Dārā Shikoh (1615–59). Muslim heir-apparent of Shāh Jahān, who sought common ground between Hinduism and Islam. He regarded the two religions as ‘the confluence of two oceans’ (Qurʾān 18. 65): his views issued in Majmaʿ al-Bahrayn (‘Mingling of the Two Oceans’, 1655). He also believed that the Upaniṣads were ‘the book that is hidden’ (56. 78). As a result he began to translate Upaniṣads into Persian, in a work issuing in Sirr-i Akbar (‘The Great Secret’, 1657)—a work which, when translated into French by Anquetil Duperron (1801–2), had a great influence on European (e.g. Schopenhauer) attitudes to the East.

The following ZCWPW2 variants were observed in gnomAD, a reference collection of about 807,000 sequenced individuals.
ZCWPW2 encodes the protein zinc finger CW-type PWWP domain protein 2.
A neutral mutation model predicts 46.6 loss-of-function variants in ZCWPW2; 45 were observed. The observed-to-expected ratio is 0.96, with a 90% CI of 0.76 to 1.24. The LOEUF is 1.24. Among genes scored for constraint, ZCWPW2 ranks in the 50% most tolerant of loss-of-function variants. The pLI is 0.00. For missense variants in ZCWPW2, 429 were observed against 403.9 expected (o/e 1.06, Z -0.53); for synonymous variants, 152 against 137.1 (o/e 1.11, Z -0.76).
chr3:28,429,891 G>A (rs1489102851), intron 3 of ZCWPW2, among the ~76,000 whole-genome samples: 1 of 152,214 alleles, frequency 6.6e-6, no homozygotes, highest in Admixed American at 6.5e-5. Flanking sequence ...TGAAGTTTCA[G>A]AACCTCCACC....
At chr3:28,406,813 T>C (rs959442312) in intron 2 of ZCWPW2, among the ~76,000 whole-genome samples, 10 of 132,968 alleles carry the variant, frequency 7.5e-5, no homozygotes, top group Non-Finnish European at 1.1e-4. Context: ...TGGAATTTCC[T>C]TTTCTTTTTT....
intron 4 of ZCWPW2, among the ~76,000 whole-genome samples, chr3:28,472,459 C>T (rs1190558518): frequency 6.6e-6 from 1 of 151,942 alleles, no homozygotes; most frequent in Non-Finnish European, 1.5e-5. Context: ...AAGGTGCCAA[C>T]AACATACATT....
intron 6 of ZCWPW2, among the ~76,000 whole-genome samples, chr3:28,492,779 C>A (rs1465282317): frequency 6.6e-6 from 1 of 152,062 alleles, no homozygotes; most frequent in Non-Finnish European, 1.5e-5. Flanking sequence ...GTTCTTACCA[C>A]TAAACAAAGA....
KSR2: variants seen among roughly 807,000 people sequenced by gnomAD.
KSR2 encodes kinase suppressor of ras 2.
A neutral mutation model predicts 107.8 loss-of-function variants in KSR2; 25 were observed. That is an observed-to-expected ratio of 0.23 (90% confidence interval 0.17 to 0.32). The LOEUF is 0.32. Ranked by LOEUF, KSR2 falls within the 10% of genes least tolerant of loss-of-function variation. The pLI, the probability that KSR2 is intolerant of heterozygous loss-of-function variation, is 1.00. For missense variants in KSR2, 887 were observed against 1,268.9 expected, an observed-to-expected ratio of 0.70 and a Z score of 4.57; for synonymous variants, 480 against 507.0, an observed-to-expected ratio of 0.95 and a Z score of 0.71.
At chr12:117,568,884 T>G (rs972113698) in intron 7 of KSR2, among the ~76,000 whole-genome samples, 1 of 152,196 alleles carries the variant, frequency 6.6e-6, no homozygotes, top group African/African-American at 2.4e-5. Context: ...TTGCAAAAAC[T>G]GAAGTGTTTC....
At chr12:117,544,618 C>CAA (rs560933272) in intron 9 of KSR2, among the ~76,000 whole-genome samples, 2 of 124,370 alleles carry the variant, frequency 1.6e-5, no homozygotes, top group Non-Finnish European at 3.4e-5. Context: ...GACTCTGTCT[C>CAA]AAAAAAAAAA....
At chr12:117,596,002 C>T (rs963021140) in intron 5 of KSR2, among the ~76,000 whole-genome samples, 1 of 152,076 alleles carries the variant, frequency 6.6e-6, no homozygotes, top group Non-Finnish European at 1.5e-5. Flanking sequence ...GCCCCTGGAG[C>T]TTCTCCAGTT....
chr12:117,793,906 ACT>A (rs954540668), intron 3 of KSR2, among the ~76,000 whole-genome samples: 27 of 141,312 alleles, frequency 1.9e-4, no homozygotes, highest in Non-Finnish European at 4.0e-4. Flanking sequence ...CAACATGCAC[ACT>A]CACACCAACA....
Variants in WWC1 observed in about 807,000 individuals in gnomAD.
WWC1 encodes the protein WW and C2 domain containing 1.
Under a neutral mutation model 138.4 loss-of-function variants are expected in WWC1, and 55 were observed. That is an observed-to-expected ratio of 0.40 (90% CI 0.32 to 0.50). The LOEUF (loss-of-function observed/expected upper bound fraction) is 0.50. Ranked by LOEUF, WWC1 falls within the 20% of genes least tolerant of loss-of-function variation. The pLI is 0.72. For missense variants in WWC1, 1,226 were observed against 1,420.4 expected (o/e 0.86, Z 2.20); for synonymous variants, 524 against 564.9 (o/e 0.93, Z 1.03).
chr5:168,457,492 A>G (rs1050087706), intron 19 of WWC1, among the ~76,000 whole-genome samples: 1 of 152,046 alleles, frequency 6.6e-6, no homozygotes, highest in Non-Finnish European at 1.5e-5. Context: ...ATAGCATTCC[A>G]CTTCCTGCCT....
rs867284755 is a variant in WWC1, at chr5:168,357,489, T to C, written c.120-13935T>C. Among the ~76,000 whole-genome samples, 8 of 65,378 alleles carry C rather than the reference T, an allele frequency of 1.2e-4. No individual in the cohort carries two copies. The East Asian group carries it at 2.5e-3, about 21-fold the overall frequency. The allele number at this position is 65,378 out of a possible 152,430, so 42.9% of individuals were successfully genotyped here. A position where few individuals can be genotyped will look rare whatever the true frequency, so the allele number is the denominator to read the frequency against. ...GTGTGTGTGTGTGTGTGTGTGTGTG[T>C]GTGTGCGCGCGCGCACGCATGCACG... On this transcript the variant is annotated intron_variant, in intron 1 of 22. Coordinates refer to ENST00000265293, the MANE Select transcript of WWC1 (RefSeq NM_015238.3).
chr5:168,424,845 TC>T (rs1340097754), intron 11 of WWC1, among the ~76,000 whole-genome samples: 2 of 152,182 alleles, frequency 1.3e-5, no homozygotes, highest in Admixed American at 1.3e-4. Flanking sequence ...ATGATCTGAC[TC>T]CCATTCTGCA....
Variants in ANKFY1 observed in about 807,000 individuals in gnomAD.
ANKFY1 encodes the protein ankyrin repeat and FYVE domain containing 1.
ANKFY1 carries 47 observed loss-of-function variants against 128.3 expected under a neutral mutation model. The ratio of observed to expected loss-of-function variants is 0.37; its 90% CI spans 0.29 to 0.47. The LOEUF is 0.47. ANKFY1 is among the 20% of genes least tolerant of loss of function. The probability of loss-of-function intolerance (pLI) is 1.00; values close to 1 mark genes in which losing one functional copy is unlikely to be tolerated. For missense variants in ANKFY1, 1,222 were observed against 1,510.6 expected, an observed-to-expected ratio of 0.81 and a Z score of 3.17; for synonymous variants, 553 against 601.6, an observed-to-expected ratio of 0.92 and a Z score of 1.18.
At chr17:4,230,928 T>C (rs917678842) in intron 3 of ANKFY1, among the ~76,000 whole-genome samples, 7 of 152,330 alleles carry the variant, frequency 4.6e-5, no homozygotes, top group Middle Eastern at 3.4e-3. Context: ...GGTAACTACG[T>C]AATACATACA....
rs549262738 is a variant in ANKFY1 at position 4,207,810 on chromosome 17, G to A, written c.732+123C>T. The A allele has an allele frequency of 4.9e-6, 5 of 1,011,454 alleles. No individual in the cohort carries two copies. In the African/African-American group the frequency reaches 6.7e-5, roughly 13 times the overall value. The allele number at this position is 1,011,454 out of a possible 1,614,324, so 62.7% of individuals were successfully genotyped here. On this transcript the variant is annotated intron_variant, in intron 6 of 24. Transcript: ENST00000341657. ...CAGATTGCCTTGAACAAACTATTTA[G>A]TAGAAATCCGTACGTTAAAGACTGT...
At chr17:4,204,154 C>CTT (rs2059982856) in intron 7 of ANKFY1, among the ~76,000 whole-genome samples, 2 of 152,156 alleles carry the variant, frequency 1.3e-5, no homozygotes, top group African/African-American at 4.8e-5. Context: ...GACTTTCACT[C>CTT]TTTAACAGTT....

More From encyclopedia.com
Antarctic Ocean , Antarctic Ocean Subduction Zone , Subduction zones occur at collision boundaries where at least one of the colliding lithospheric plates contains oceanic crust . In accord with plate… Wilson Cycle , Wilson cycle The hypothesis, named after Tuzo Wilson who proposed it, that an ocean basin has a lifespan with several stages: from opening, through d… Islam , Islam The religion that God set forth for Abraham, Moses, Jesus, and muḤammad proclaimed by the latter in Arabia in the 7th century, which enjoys the… Paleotethys , Palaeotethys There is confusion over the relationship between Tethys (or Neotethys) and Palaeotethys. Some authors refer to the existence of a late P… Ocean , Oceans are large bodies of salt water that surround Earth's continents and occupy the basins between them. The four major oceans of the world are the…
About this article
Updated About encyclopedia.com content Print Article
You Might Also Like